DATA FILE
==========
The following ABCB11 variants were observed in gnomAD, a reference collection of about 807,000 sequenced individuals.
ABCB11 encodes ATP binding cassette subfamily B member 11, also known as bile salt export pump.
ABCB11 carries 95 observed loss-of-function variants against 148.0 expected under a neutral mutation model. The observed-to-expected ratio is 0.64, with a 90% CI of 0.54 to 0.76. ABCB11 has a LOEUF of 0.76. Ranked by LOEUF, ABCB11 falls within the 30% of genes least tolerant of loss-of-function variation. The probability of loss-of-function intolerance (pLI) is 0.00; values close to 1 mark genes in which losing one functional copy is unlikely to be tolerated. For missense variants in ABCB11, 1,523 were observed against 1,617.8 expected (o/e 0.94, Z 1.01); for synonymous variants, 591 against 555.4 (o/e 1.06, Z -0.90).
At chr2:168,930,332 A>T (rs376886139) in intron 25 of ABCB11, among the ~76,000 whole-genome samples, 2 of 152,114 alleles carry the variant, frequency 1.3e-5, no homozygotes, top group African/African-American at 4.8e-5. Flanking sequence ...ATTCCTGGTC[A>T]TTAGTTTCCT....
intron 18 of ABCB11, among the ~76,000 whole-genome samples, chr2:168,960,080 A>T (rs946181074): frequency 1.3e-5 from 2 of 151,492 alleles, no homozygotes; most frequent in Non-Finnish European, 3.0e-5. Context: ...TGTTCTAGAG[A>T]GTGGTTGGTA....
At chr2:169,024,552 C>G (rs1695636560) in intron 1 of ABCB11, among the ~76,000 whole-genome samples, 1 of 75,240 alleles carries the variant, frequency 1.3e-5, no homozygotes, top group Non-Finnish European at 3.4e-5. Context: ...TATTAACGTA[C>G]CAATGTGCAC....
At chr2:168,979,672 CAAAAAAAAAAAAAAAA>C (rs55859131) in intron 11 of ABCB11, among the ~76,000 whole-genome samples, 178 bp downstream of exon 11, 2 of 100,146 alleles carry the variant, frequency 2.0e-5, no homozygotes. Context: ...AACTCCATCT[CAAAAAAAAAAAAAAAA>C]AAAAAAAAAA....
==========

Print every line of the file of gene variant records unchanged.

The following ABCB11 variants were observed in gnomAD, a reference collection of about 807,000 sequenced individuals.
ABCB11 encodes ATP binding cassette subfamily B member 11, also known as bile salt export pump.
ABCB11 carries 95 observed loss-of-function variants against 148.0 expected under a neutral mutation model. The observed-to-expected ratio is 0.64, with a 90% CI of 0.54 to 0.76. ABCB11 has a LOEUF of 0.76. Ranked by LOEUF, ABCB11 falls within the 30% of genes least tolerant of loss-of-function variation. The probability of loss-of-function intolerance (pLI) is 0.00; values close to 1 mark genes in which losing one functional copy is unlikely to be tolerated. For missense variants in ABCB11, 1,523 were observed against 1,617.8 expected (o/e 0.94, Z 1.01); for synonymous variants, 591 against 555.4 (o/e 1.06, Z -0.90).
At chr2:168,930,332 A>T (rs376886139) in intron 25 of ABCB11, among the ~76,000 whole-genome samples, 2 of 152,114 alleles carry the variant, frequency 1.3e-5, no homozygotes, top group African/African-American at 4.8e-5. Flanking sequence ...ATTCCTGGTC[A>T]TTAGTTTCCT....
intron 18 of ABCB11, among the ~76,000 whole-genome samples, chr2:168,960,080 A>T (rs946181074): frequency 1.3e-5 from 2 of 151,492 alleles, no homozygotes; most frequent in Non-Finnish European, 3.0e-5. Context: ...TGTTCTAGAG[A>T]GTGGTTGGTA....
At chr2:169,024,552 C>G (rs1695636560) in intron 1 of ABCB11, among the ~76,000 whole-genome samples, 1 of 75,240 alleles carries the variant, frequency 1.3e-5, no homozygotes, top group Non-Finnish European at 3.4e-5. Context: ...TATTAACGTA[C>G]CAATGTGCAC....
At chr2:168,979,672 CAAAAAAAAAAAAAAAA>C (rs55859131) in intron 11 of ABCB11, among the ~76,000 whole-genome samples, 178 bp downstream of exon 11, 2 of 100,146 alleles carry the variant, frequency 2.0e-5, no homozygotes. Context: ...AACTCCATCT[CAAAAAAAAAAAAAAAA>C]AAAAAAAAAA....